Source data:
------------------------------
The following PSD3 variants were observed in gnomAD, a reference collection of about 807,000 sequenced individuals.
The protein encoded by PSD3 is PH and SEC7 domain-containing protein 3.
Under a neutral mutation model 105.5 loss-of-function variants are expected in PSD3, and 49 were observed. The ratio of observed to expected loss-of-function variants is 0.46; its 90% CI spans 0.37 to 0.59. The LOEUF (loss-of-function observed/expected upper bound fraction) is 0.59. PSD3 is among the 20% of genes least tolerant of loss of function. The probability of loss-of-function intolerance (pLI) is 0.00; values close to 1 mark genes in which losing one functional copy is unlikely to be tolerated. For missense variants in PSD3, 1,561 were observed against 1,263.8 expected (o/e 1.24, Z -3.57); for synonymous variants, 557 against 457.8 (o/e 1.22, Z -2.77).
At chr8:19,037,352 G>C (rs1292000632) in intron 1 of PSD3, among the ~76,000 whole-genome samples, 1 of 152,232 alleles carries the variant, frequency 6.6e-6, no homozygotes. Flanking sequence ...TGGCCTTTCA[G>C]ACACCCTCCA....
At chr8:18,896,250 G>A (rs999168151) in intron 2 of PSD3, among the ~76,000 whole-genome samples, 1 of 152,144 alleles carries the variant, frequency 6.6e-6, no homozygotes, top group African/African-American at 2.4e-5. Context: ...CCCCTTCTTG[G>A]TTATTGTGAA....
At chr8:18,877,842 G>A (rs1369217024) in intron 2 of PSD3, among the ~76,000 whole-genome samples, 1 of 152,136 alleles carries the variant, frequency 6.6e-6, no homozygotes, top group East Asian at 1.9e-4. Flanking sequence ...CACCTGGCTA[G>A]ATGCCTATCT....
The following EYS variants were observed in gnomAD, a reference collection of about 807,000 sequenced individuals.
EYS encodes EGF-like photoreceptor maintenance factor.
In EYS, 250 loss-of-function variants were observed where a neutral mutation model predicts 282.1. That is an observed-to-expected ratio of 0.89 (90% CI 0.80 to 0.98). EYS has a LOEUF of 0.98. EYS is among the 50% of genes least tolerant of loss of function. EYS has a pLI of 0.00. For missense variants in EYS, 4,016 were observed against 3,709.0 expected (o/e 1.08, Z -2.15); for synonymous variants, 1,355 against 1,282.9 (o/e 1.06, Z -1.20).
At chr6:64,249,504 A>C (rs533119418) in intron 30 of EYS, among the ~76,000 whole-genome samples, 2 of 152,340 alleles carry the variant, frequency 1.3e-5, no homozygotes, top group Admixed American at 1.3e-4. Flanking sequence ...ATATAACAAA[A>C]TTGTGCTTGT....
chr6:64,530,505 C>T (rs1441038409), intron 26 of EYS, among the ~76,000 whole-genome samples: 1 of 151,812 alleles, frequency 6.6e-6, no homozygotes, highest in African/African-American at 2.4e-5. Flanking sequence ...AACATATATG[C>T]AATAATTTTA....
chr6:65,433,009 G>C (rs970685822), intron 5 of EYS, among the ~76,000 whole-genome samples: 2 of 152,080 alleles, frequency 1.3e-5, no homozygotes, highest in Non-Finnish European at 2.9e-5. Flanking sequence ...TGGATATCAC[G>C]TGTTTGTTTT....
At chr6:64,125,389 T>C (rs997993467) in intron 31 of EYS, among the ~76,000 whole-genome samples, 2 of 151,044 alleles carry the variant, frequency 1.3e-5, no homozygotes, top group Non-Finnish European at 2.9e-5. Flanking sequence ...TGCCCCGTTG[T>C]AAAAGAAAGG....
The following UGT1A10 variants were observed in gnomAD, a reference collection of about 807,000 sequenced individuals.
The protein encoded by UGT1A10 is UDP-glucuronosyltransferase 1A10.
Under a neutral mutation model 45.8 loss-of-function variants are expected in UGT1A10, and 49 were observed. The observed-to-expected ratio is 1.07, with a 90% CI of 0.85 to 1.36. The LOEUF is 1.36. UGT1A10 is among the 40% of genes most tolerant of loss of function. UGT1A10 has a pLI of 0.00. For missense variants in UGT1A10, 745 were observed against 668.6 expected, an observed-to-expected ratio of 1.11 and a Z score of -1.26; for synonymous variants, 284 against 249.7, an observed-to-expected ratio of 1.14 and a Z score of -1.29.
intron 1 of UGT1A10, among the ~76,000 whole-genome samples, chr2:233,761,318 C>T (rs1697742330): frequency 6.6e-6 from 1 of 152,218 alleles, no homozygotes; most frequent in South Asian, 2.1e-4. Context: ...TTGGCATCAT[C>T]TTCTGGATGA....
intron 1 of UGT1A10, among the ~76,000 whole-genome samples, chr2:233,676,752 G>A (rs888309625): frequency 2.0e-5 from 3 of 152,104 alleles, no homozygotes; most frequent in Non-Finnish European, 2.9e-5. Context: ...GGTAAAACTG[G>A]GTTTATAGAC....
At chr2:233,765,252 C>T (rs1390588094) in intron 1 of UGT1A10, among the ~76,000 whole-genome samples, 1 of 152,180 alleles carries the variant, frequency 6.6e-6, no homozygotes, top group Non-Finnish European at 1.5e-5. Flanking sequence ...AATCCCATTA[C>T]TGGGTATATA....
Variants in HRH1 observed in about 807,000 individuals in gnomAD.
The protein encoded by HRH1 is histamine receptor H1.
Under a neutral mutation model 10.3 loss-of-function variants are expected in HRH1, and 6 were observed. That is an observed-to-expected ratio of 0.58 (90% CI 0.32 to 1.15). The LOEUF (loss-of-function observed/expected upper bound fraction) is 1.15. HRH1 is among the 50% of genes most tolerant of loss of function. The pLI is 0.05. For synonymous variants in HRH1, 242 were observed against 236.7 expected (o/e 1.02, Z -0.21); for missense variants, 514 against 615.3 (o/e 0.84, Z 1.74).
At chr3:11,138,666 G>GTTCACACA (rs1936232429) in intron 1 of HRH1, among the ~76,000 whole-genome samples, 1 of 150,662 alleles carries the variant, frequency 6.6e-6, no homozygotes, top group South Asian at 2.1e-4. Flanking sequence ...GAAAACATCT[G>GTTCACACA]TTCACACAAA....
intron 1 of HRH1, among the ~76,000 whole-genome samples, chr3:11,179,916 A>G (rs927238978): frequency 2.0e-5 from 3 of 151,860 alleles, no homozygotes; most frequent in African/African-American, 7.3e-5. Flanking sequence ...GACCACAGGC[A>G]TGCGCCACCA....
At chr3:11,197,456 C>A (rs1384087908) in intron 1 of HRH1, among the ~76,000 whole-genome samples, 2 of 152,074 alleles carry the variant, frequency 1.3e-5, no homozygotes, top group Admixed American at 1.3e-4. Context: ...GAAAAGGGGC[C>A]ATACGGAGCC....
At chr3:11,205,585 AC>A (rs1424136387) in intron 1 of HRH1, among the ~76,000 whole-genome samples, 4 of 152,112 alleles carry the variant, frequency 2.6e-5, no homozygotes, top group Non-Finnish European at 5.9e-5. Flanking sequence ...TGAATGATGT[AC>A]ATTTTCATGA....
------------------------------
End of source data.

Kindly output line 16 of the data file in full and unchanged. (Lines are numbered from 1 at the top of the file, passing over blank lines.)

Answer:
Under a neutral mutation model 45.8 loss-of-function variants are expected in UGT1A10, and 49 were observed. The observed-to-expected ratio is 1.07, with a 90% CI of 0.85 to 1.36. The LOEUF is 1.36. UGT1A10 is among the 40% of genes most tolerant of loss of function. UGT1A10 has a pLI of 0.00. For missense variants in UGT1A10, 745 were observed against 668.6 expected, an observed-to-expected ratio of 1.11 and a Z score of -1.26; for synonymous variants, 284 against 249.7, an observed-to-expected ratio of 1.14 and a Z score of -1.29.